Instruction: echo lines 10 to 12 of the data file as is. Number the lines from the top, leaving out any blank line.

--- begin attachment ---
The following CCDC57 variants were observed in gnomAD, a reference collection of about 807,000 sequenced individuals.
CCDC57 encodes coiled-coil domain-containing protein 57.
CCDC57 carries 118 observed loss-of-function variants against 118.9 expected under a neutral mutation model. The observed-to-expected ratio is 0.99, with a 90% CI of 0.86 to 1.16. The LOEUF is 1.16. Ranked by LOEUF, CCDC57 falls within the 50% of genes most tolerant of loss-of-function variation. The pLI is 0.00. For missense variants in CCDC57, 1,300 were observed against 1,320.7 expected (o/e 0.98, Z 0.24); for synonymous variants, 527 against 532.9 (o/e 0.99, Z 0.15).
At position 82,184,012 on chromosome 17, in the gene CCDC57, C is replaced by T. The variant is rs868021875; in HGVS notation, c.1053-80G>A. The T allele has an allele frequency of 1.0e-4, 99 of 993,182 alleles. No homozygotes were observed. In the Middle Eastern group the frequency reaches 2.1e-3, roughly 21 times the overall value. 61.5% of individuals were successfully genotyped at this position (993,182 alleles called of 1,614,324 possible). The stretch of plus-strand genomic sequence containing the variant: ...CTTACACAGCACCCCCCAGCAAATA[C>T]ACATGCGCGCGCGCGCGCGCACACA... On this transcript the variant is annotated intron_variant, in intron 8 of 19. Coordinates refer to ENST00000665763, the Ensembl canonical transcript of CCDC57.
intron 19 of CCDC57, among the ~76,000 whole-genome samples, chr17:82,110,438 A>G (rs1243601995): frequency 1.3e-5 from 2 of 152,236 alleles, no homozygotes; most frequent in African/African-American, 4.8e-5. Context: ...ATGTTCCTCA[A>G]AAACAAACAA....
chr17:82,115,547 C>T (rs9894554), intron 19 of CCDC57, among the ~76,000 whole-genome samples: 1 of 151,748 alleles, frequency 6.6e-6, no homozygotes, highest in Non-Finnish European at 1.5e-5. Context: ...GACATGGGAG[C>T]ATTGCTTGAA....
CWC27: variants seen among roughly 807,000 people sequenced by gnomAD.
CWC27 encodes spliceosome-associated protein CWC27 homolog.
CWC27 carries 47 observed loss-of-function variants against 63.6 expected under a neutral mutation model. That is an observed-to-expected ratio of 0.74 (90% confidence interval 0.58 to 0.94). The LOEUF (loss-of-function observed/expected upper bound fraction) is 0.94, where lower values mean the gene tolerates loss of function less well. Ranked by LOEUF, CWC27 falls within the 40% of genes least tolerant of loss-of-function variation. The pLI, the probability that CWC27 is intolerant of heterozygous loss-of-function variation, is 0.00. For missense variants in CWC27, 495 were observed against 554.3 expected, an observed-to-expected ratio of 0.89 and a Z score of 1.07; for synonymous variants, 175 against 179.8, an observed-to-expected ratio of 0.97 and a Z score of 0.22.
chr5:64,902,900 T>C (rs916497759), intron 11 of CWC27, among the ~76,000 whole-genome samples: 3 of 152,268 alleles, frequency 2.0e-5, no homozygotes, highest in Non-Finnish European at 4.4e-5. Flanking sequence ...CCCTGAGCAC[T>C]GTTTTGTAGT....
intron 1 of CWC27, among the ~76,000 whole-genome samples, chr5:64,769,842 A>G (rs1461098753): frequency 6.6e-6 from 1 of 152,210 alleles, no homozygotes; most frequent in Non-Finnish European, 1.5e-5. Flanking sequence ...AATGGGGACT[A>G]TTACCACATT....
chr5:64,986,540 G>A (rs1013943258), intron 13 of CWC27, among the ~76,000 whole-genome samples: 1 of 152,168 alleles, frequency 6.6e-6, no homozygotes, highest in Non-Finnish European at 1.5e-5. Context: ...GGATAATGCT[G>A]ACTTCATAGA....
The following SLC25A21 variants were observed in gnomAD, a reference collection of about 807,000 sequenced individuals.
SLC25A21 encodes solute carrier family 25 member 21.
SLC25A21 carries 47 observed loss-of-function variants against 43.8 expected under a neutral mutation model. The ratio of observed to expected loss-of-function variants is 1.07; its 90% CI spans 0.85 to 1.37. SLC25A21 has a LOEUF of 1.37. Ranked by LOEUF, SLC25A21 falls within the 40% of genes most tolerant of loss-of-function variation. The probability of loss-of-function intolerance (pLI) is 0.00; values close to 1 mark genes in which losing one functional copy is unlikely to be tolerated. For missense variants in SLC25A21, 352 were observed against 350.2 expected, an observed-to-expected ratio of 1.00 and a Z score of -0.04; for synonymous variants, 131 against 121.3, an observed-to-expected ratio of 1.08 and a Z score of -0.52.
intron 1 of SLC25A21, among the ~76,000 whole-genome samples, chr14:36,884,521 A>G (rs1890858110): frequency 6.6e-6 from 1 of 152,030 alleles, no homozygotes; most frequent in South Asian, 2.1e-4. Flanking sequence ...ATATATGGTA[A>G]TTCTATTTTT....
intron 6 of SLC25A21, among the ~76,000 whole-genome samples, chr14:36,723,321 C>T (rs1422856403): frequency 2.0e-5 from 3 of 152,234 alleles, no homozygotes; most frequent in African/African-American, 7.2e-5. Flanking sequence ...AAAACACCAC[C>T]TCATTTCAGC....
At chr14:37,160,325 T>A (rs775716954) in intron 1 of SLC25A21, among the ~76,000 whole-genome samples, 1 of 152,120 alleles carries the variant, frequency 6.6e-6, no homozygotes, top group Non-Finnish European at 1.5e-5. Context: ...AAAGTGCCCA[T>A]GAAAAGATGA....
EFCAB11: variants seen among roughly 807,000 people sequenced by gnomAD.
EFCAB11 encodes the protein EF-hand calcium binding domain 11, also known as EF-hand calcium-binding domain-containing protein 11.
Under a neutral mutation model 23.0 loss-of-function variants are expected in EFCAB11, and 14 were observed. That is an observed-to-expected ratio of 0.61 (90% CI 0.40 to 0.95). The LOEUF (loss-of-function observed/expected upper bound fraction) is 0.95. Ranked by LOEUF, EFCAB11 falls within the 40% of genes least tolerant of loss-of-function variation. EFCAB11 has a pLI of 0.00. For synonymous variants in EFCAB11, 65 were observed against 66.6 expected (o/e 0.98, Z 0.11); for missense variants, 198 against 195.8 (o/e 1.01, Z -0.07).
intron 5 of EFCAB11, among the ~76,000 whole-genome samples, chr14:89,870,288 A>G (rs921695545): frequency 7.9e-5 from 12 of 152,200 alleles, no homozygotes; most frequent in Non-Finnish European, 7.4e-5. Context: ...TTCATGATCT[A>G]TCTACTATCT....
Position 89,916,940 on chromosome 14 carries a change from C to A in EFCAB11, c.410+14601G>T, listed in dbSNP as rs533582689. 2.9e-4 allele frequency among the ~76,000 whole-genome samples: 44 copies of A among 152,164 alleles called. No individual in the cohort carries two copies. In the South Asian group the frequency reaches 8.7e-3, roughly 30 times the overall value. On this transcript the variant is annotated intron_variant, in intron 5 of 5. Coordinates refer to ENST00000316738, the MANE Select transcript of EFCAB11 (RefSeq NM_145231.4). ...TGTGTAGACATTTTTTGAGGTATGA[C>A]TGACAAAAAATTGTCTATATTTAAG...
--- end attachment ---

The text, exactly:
chr5:64,902,900 T>C (rs916497759), intron 11 of CWC27, among the ~76,000 whole-genome samples: 3 of 152,268 alleles, frequency 2.0e-5, no homozygotes, highest in Non-Finnish European at 4.4e-5. Flanking sequence ...CCCTGAGCAC[T>C]GTTTTGTAGT....
intron 1 of CWC27, among the ~76,000 whole-genome samples, chr5:64,769,842 A>G (rs1461098753): frequency 6.6e-6 from 1 of 152,210 alleles, no homozygotes; most frequent in Non-Finnish European, 1.5e-5. Flanking sequence ...AATGGGGACT[A>G]TTACCACATT....
chr5:64,986,540 G>A (rs1013943258), intron 13 of CWC27, among the ~76,000 whole-genome samples: 1 of 152,168 alleles, frequency 6.6e-6, no homozygotes, highest in Non-Finnish European at 1.5e-5. Context: ...GGATAATGCT[G>A]ACTTCATAGA....